Researchers in Madison, Wisconsin have discovered that 14% of middle-aged Americans have some sort of hearing loss. For those aged 48 to 59, that percentage jumps to around 20%, and for those 80 years old and older, the percentage skyrockets to 90%. The University of Wisconsin School of Medicine and Public Health research study included 3,285 subjects from 21 to 84 years of age.
I've had three different hearing aids in my life, and the Motion 501 ITE is the best and most comfortable out of all of them. It isn't very hidden on my ear, but it is quite stylish. My hearing loss isn't severe, so I wasn't in need of something too strong. If you have severe hearing loss this many not be the one for you. I have it on the second to highest setting and it is perfect for me. If you are looking for an everyday hearing aid I would recommend this one.
What exactly is nanotechnology? Well, since the term wasn’t even coined until the 1970s, it cannot be found in this writer’s Webster’s New Collegiate Dictionary published in 1977. So, turning to Wikipedia, “Nanotechnology (sometimes shortened to "Nanotech") is the study of manipulating matter on an atomic and molecular scale.” (1) A nanometer measures at one-billionth of a meter. To help put this into perspective, a nanometer’s size relationship to a meter is the same as the size relationship of a marble to the earth. (2)
Battery life and size are among the impediments to designing the most compact hearing devices. The smaller the battery, the shorter its longevity and its ability to store a charge. Capacitors, an older battery technology type, can offer a longer and more robust life, but at a cost of a greater energy storage size requirement. (3) Obviously, greater mass is unacceptable in hearing aid devices which are required to be small, comfortable and discreet.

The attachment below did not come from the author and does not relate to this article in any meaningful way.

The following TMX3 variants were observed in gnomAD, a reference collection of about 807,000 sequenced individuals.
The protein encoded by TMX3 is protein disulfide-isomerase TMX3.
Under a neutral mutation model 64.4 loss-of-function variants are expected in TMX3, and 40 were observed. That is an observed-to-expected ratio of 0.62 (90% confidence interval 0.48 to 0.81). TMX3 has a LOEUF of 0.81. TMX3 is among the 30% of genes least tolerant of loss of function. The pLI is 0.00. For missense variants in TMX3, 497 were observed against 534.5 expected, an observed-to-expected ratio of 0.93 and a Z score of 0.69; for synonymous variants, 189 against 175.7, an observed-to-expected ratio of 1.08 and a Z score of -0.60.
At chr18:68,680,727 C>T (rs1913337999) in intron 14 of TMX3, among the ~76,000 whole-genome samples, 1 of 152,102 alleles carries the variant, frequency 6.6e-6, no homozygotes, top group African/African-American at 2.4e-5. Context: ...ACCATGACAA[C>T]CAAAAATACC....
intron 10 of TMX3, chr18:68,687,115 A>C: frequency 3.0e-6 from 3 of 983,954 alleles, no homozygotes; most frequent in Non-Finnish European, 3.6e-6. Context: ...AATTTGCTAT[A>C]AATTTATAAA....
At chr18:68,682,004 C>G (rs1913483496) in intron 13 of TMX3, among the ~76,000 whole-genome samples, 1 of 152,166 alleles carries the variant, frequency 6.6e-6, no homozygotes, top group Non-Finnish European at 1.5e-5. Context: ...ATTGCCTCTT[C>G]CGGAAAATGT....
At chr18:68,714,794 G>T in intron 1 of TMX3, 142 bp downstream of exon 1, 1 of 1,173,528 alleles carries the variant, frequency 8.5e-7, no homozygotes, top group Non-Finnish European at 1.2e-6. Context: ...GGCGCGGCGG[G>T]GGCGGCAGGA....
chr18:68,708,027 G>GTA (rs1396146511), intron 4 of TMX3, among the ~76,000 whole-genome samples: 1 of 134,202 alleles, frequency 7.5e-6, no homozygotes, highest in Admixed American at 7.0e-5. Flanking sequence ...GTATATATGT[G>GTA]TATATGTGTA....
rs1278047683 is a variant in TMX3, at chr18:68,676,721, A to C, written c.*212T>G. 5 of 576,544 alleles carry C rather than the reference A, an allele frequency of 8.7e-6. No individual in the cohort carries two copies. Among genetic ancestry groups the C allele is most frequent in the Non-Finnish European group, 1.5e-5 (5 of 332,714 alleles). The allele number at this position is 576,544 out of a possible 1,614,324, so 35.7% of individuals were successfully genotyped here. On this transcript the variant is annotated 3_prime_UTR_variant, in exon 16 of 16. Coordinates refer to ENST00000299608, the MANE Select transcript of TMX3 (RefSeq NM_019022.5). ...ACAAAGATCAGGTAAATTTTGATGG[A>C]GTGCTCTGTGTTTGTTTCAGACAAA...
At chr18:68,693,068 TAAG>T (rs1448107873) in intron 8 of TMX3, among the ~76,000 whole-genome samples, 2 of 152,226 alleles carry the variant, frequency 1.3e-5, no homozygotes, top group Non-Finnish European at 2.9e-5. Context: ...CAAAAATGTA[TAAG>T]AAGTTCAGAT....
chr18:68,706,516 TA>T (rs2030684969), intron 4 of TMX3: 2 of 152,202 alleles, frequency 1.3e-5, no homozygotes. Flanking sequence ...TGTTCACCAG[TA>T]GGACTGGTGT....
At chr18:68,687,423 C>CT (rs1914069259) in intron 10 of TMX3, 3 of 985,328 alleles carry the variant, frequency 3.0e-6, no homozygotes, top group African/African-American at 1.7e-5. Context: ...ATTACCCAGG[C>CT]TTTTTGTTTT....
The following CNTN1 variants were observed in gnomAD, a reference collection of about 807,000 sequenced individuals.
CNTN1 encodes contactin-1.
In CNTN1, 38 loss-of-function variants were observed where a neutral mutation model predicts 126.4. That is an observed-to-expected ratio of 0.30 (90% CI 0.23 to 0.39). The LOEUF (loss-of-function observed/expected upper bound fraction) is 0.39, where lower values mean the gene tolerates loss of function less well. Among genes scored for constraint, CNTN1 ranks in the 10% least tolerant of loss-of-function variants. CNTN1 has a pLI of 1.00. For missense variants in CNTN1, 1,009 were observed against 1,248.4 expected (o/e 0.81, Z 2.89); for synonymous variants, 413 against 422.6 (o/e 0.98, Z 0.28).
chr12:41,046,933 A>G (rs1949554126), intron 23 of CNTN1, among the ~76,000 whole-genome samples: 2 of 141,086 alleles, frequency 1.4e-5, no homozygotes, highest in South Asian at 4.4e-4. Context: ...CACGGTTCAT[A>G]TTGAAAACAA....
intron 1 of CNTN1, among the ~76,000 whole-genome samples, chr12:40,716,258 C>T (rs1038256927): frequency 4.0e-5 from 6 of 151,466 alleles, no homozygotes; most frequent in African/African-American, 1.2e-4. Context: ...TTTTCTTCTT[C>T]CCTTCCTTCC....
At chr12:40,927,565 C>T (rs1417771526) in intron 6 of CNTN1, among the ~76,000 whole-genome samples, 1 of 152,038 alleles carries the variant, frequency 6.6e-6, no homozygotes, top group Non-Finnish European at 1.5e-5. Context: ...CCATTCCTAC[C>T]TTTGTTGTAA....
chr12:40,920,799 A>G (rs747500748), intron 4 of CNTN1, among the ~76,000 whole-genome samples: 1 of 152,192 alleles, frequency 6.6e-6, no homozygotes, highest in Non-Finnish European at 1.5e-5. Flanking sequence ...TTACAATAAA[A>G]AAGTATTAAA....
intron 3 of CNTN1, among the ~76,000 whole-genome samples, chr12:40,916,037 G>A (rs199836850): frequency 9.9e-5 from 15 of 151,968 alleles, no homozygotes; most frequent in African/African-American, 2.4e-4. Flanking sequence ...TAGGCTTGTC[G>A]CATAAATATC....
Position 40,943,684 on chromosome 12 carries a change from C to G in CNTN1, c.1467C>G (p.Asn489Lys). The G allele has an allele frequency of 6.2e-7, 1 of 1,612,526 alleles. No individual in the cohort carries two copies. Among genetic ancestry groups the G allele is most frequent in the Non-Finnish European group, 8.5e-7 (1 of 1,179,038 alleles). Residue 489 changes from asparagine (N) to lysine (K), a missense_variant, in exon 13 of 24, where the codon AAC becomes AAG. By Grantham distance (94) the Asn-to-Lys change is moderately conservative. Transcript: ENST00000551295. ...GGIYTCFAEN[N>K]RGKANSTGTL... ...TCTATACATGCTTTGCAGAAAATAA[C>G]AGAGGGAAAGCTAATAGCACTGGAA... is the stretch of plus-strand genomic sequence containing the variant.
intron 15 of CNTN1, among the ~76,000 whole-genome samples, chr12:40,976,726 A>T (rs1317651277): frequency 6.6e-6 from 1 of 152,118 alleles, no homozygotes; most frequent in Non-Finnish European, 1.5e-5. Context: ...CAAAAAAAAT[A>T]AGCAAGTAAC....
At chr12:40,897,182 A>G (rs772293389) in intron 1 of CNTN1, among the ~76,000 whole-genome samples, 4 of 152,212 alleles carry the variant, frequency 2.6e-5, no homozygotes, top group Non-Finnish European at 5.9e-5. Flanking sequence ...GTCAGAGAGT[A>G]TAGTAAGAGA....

Enter nanotubes. Tiny fibers attached to the battery’s electrodes provide exponentially greater energy storage capacity. “[A nanotech enhanced battery] could be recharged many, many times, perhaps hundreds of thousands of times, and…it could be recharged very quickly, just in a matter of seconds rather than a matter of hours,” according to M.I.T. Professor Joel Schindall, PhD. (4)
Nanotechnology in hearing aids is not limited to batteries; nanotechnology is also changing the way sound is captured from different types of sources. Hearing aid wearers are sometimes required to manually make a switch in order to hear sound emanating from cell phones, for example. Recent nanotechnology ‘sensors’ detect that the sound source is from an electronic device and automatically makes the necessary switch within the hearing aid, making the transition transparent to the wearer. (4).
Moisture is the enemy of the BTE (behind-the-ear) type of hearing aids. External devices are exposed to moist conditions, which can damage hearing aids. Siemens incorporated nanotechnology, using nanocoating on its BTE aids to repel moisture from sweat, humidity, rain and ear wax, thus extending the life of the device.(5) Nanocoatings are widely employed in the medical and electronics industries.
There is hope that nanotechnology will bring enhanced quality to hearing devices, conquering common complaints of feedback, ‘white noise’ and audio distortion.
The National Institute on Deafness and Other Communication Disorders (NIDCD), in search of the next generation of hearing aid technology, has awarded grants designed to spur a faster rate of innovation in implantable hearing devices. Nanotechnology will enable the devices to not only be much smaller, but also much more powerful.